suite travelled are exhibited in Hoefnagel's “No drop but as a coach doth carry thee." print of Nonsuch House (1582), from which we In The Merry Wives of Windsor,' Mrs. give the representation of the carriage of ElizaQuickly tells us that “there has been knights, beth's attendants, the form of which is certainly and lords and gentlemen, with their coaches, more commodious than that of the Countess coach after coach, I warrant you.” The proba
of Rousillon. bility therefore is, that, in using the term waggon in the text, our poet meant a public vehicle. Certainly the early coaches were not much unlike waggons. Mr. Markland, in his interesting paper in the 'Archæologia,' 'On the early Use of Carriages in England' (vol. xx.), has given us a representation from an Ancient Flemish Chronicle of the fifteenth century, in the British Museum (Royal MSS. 16 F. III.), representing Emergard, the wife of Salvard, Lord of Rousillon, driven in a covered cart or
Stow, in his ‘Annals,' speaks of long waggons for passengers and commodities in 1564; and these, he says, were similar to those which travelled in the beginning of the next century to London from Canterbury and other large towns. These, it seems then, in Shak pere's time were called waggons, though they afterwards were occasionally named caravans. As late, how ever, as 1660, we find from Sir William Dugdale's Diary' that his daughter “went towards London in Coventre waggon."
16 SCENE I.-"Enter a gentle Astringer.”
ostringers,” says Markham, the great authority
on hawking, "which are the keepers of gossAn astringer is a falconer. They be called hawks or tercells." A "gentle astringer” probably meant the head of the king's bawking rank in his household. The grand falconer of establishment-not a menial, but an officer of | England is a noble.
The costume of this play, for anything that foundation of the plot is either fanciful or leappears to the contrary, might be either of the gendary—the nearest possible period to that of age of Boccaccio or of Shakspere. The Floren- the writing of the play should be fixed upon as tines and the Siennois were continually at strife that of its action, as by so doing the best illusduring the middle ages, and the mention of a tration is obtained of the author's ideas and the “Duke of Austria” would, strictly, place its i manners of the age which he depicted. With date anterior to 1457, Ladislaus, the last Duke this view we should place the date of 'All 's of Austria, having died King of Hungary and Well that Ends Well' just previous to 1557, in Bohemia in that year; whilst the allusion to which year, on the 3rd of July, Sienna was Austria, as a power per se would drive the given to Cosmo de Medicis, Grand Duke of period of action still farther back amongst the Tuscany, by Philip of Spain, who had been dukes and margraves of the twelfth and thir- invested with its sovereignty by his father teenth centuries. It is our opinion, however, Charles V. The last war between the Floren. that in all cases where there is no positive vio- tines and the Siennois, and in which the former lence committed against bistory—where the were supported by the troops of the emperor,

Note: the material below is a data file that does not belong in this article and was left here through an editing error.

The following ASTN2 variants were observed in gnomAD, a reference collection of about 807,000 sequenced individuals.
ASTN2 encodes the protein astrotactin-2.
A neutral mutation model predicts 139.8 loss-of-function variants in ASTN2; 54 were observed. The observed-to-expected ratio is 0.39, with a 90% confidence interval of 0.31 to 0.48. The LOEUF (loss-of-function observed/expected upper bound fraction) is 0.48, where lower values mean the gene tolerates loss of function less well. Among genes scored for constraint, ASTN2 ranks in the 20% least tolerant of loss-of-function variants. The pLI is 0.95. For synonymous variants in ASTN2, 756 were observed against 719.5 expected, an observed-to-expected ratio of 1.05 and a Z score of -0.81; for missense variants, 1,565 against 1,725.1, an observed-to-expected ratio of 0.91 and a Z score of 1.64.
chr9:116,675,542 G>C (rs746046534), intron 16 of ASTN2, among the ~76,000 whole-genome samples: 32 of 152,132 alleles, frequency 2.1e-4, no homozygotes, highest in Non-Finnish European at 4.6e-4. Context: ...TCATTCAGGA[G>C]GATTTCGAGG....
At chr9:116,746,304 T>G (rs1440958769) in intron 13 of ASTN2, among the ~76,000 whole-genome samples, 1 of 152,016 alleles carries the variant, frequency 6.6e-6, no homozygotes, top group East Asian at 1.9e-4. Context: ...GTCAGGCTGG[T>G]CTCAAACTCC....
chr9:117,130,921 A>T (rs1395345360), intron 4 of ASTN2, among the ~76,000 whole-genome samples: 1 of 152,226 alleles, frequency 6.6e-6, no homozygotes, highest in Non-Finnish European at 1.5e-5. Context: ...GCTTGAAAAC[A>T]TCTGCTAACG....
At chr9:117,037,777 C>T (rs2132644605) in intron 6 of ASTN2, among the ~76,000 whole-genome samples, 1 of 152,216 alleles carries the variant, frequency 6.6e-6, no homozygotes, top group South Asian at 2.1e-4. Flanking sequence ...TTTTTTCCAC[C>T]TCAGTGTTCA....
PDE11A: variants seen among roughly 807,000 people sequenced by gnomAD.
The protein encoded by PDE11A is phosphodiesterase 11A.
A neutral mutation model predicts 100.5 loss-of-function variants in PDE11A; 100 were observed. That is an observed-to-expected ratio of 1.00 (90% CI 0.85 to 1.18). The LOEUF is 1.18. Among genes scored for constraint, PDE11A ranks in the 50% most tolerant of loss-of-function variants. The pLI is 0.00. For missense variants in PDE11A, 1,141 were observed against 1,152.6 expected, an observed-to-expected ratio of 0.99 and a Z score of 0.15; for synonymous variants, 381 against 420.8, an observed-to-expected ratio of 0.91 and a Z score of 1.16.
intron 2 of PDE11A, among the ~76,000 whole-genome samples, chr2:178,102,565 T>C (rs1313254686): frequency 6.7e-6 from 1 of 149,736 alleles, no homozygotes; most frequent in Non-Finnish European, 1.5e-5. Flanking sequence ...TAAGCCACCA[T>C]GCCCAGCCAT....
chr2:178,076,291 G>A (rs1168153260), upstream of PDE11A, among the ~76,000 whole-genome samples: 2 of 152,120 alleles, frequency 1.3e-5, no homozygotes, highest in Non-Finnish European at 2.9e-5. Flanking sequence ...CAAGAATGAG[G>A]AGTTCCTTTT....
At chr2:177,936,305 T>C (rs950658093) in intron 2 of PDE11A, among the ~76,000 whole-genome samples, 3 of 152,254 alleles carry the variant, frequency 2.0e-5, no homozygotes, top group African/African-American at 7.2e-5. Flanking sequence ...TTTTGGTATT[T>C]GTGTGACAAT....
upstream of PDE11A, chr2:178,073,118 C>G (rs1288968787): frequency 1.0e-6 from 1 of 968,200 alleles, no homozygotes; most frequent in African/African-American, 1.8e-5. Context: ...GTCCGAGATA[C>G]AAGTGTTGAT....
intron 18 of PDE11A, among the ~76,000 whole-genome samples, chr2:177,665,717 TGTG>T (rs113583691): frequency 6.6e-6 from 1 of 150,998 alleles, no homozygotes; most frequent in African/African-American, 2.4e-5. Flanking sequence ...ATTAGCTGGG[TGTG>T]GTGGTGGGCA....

and the latter by those of France, broke out in France at this time, a fashion which arose in 1552, and ended in 1555, the King of France from an accident that happened to Henry's at that period being Henry II., and the Duke father, Francis I., who, in a twelfth-night frolic, of Florence Cosmo de Medicis aforesaid. Our was hurt by the fall of a lighted firebrand on Illustrations are taken from Montfaucon's 'Mo- his head, and was compelled in consequence to narchie Française.'
have his hair shaved off. “The hair was worn very short by gentlemen